NASA’s OSIRIS-RX spacecraft successfully touches the asteroid

NASA’s OSIRIS-RX spacecraft successfully touches the asteroid

Cape Canaveral: A NASA spacecraft landed on an asteroid on Tuesday and, circling the size of buildings, touched the surface to collect a handful of cosmic debris to return to Earth moment by moment.
This was the first for the United States. Only Japan has received asteroid samples.
“I can’t believe we actually pulled it off,” said Dent Lartta, a lead scientist at the University of Arizona. The spacecraft did everything it had to do. ”

Osiris – The Rex spacecraft sent back confirmation of its contact with asteroids more than 200 million miles away, much to the delight of the mission team.
But before scientists know it could be a week, if anything, how much has been caught and whether any further effort is needed. If successful, Osiris-Rex will return samples in 2023.
After sending advance orders through ground controllers near Denver, it took the spacecraft 4 1/2 hours to descend from the narrow orbit around Bannu.
Banu’s gravity was too low for Osiris Rex to land – the asteroid is just 510 meters across. As a result, the spacecraft had to land with its 3.4-meter robotic arm and attempt to capture at least 60 grams of Bannu.

Heather Enos, the mission’s deputy scientist at the University of Arizona, described it as “measuring the length of a long, long, long, long, long, long, long, long, long, long, long, long, long, long, long, long, long, long, long, long, long, long, long, long, long, long.” For controllers, wearing royal blue polo shirts and black masks with touch and go-mission patches, the corona virus was delayed by two months due to the epidemic.
Tuesday’s operation was considered the most damaging part of the mission, which began in 2016 with a launch from Cape Canaveral.
A van-sized spacecraft with a mesmerizing name, Osiris-Rex aims to be the equivalent of some parking spaces on the ground in the middle of an asteroid’s Nightingale crater. After orbiting Bannu for about two years, the spacecraft discovered that it lacked the largest patch of particles that could be swallowed.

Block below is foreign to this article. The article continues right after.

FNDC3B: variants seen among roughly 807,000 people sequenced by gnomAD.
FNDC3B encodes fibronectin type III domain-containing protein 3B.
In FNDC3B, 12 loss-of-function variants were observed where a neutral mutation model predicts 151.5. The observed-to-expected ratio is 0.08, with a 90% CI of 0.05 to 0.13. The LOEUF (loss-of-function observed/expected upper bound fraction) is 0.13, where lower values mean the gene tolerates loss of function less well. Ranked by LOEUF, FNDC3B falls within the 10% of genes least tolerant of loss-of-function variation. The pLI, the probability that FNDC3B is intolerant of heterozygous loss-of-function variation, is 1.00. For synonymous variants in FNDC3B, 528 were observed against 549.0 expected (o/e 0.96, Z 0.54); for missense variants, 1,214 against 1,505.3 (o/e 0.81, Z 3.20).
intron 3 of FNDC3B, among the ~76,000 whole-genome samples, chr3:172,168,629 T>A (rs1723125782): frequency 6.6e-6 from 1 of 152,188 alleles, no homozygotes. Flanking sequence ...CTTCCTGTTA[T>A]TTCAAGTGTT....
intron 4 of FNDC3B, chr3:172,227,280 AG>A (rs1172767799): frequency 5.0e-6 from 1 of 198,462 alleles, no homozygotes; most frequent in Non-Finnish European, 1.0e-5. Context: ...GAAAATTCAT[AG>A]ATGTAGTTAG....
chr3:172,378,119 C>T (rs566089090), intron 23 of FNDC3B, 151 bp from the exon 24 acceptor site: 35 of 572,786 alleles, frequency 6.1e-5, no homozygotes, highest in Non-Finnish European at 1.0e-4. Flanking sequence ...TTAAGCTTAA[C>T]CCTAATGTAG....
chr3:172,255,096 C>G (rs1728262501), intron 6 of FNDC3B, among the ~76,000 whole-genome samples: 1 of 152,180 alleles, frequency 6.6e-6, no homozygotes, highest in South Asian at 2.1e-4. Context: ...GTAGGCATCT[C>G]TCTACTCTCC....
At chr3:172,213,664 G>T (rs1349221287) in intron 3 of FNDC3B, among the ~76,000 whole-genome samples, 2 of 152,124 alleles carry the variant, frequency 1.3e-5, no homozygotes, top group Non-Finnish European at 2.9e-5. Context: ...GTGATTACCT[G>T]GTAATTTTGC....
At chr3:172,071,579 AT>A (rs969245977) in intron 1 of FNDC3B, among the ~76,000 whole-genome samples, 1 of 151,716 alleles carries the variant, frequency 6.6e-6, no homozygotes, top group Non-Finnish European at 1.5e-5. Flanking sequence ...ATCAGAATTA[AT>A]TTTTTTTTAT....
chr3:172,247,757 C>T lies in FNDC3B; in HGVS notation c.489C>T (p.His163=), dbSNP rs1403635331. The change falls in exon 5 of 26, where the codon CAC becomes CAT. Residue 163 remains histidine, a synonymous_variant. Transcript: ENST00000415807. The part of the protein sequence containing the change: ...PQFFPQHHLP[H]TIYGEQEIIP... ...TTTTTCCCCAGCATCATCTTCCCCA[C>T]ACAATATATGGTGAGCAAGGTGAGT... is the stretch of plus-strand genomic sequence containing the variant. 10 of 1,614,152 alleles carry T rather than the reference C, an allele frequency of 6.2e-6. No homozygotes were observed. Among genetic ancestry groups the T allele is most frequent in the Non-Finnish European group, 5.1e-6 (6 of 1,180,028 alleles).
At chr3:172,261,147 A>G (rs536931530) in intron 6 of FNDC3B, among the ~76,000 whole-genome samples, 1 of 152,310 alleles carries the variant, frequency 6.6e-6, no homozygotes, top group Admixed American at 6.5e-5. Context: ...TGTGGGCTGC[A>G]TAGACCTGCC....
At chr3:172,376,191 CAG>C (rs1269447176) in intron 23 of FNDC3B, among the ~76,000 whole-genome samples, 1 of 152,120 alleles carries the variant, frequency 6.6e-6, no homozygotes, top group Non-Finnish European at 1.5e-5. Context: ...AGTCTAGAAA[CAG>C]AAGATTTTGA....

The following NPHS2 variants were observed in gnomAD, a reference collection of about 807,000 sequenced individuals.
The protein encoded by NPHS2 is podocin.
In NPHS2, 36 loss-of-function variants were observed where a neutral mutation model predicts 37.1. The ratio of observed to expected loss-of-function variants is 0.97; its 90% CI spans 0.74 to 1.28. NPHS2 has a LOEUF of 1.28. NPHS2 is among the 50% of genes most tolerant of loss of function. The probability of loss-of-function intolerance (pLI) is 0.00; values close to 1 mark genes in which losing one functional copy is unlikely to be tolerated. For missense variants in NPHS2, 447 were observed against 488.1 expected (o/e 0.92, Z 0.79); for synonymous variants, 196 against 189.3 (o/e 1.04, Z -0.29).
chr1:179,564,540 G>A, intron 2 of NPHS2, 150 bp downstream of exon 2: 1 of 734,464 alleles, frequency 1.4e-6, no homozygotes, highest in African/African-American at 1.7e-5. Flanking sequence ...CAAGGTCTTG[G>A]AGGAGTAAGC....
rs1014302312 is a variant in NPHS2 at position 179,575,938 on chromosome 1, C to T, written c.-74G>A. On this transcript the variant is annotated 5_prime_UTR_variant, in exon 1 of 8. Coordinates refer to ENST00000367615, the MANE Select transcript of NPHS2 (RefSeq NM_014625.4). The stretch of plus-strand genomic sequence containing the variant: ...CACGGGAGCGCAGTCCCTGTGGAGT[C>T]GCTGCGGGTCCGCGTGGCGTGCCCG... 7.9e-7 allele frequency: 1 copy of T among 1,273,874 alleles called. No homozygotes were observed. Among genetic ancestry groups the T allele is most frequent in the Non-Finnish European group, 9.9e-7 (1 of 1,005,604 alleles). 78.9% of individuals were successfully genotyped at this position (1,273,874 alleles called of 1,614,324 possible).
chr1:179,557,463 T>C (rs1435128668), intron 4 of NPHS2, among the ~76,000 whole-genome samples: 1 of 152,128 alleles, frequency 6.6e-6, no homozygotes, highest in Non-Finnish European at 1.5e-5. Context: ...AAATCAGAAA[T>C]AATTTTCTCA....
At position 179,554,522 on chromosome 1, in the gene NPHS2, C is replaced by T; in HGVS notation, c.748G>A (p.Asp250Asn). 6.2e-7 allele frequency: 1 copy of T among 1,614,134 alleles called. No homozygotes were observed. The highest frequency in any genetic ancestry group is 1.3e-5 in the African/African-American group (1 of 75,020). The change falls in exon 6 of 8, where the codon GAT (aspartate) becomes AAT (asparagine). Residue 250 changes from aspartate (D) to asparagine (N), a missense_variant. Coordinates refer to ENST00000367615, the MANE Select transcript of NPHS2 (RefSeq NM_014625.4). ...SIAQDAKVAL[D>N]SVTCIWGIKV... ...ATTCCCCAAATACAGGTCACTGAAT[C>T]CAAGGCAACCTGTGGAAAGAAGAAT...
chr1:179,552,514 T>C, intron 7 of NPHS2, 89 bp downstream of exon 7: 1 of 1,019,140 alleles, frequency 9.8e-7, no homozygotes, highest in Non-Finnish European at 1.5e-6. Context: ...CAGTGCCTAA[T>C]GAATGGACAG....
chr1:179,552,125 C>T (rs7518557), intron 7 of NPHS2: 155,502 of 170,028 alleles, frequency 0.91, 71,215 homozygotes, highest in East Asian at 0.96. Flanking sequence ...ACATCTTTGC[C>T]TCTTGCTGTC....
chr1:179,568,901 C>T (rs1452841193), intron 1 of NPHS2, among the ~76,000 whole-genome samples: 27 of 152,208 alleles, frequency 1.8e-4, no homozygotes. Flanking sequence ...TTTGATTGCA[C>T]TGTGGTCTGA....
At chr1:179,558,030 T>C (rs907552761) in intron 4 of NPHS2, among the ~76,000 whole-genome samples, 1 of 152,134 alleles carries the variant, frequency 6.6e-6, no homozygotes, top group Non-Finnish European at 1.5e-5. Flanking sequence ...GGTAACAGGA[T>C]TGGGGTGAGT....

After determining that the beach was clear, Osiris Rex closed for the last few meters for sampling. The spacecraft was programmed to stir the nitrogen gas that was pressing the surface of the spacecraft, then suck any loose gravel or dust. Communication was expected to last only 5 to 10 seconds after the spacecraft retreated rapidly.

By the time flight controllers heard back from Osiris-Rex, the operation had already taken place 18/2 minutes ago, it took time to pick up radio signals to travel all the way between Bannu and Earth.
Scientists want Bannu’s black, dizzy, carbon-rich between 2 bonuses (60 grams) and 4 pounds (2 kilograms). Our solar system is thought to consist of buildings. “Something that tells the history of our entire planet, the solar system, over the last billions of years,” said Thomas Zarbochen, head of NASA’s science mission. Another advantage: at the end of the next century, binoculars have a slight chance of breaking the earth, although this is not a life-threatening show. The more scientists know about the routes and properties of such potentially dangerous space rocks, the safer we are. Everything will be done
Osiris-Rex can do three touch and go exercises in short. No matter how much effort is put into it, the specimens will not return to Earth until 2023 to end the struggle for more than 800 800 million. The sample capsule will parachute into the Utah desert.
“It simply came to our notice then. But right now it’s the mission’s biggest event, said NASA scientist Lucy Lim.
Japan is expected to land in the Australian Desert in December with its second asteroid mission – at a maximum of milligrams.
Meanwhile, NASA plans to launch three more asteroid missions in the next two years, all one-way trips.

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